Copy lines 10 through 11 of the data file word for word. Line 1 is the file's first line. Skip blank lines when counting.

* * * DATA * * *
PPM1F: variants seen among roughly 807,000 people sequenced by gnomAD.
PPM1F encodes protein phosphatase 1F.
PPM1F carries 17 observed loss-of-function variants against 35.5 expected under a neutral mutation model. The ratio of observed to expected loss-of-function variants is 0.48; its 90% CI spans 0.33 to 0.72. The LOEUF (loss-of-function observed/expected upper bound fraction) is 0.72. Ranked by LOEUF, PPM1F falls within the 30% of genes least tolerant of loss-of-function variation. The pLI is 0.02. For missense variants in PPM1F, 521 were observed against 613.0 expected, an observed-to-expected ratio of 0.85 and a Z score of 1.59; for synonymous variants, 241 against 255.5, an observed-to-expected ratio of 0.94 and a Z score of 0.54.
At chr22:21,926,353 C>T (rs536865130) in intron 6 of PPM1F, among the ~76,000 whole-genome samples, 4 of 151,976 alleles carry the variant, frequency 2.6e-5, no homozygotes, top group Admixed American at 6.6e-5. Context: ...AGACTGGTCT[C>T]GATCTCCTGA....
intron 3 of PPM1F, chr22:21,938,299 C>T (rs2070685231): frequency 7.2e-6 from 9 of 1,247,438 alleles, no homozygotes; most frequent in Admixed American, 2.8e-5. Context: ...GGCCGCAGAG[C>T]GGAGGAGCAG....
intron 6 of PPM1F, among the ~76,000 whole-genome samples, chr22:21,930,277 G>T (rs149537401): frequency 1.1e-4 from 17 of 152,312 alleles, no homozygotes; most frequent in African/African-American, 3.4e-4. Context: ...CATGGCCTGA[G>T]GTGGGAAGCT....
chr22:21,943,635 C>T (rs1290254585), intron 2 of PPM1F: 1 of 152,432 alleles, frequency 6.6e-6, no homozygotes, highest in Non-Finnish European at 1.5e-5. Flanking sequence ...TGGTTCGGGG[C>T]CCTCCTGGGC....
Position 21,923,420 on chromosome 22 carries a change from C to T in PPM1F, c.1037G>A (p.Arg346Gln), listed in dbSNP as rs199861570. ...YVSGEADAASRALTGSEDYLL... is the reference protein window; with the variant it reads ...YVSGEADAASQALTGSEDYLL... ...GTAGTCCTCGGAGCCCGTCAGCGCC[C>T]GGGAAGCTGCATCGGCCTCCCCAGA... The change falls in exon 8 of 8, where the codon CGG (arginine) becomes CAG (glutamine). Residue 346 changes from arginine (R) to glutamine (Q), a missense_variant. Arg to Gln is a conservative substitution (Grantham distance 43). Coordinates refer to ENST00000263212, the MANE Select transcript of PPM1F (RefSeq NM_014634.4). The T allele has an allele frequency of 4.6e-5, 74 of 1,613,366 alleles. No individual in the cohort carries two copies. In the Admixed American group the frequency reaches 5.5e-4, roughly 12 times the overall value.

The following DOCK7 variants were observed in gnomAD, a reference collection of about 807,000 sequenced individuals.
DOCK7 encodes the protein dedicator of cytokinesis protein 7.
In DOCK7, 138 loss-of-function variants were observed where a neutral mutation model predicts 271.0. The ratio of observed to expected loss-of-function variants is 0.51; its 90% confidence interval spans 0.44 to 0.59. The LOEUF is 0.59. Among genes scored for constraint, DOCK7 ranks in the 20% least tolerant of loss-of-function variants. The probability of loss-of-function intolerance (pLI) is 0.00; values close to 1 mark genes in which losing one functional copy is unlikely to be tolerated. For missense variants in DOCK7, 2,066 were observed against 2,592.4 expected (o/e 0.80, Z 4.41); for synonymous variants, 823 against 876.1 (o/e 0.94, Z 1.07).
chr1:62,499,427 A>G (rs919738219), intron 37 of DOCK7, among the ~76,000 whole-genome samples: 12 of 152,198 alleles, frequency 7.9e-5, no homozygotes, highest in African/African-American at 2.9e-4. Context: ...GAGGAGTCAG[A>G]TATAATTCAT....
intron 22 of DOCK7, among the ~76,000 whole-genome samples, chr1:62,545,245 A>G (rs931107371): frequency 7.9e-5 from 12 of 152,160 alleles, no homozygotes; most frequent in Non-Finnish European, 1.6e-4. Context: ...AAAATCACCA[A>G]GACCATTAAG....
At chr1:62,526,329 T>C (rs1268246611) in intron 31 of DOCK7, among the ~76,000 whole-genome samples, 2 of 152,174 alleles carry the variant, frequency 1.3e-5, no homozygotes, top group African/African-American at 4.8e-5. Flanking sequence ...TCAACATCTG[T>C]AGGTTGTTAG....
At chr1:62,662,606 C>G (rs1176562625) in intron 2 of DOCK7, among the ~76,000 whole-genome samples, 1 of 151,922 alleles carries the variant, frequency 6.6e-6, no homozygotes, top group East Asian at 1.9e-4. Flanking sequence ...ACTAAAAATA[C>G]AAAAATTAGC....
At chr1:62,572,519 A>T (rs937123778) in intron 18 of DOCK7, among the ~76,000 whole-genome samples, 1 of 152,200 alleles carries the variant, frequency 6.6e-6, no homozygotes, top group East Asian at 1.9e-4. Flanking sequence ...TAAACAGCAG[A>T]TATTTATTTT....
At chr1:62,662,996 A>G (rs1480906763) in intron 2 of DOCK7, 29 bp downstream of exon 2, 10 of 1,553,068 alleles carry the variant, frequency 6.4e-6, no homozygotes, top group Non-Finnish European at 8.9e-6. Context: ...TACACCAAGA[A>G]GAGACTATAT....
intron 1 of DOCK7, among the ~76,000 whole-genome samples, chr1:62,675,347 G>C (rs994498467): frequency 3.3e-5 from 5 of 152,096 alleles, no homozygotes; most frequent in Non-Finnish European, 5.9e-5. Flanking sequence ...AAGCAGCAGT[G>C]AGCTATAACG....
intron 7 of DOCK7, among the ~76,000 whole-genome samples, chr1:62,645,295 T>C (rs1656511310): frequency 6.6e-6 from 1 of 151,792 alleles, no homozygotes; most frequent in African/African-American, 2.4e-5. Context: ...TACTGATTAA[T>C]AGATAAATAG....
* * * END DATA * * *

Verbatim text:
DOCK7 encodes the protein dedicator of cytokinesis protein 7.
In DOCK7, 138 loss-of-function variants were observed where a neutral mutation model predicts 271.0. The ratio of observed to expected loss-of-function variants is 0.51; its 90% confidence interval spans 0.44 to 0.59. The LOEUF is 0.59. Among genes scored for constraint, DOCK7 ranks in the 20% least tolerant of loss-of-function variants. The probability of loss-of-function intolerance (pLI) is 0.00; values close to 1 mark genes in which losing one functional copy is unlikely to be tolerated. For missense variants in DOCK7, 2,066 were observed against 2,592.4 expected (o/e 0.80, Z 4.41); for synonymous variants, 823 against 876.1 (o/e 0.94, Z 1.07).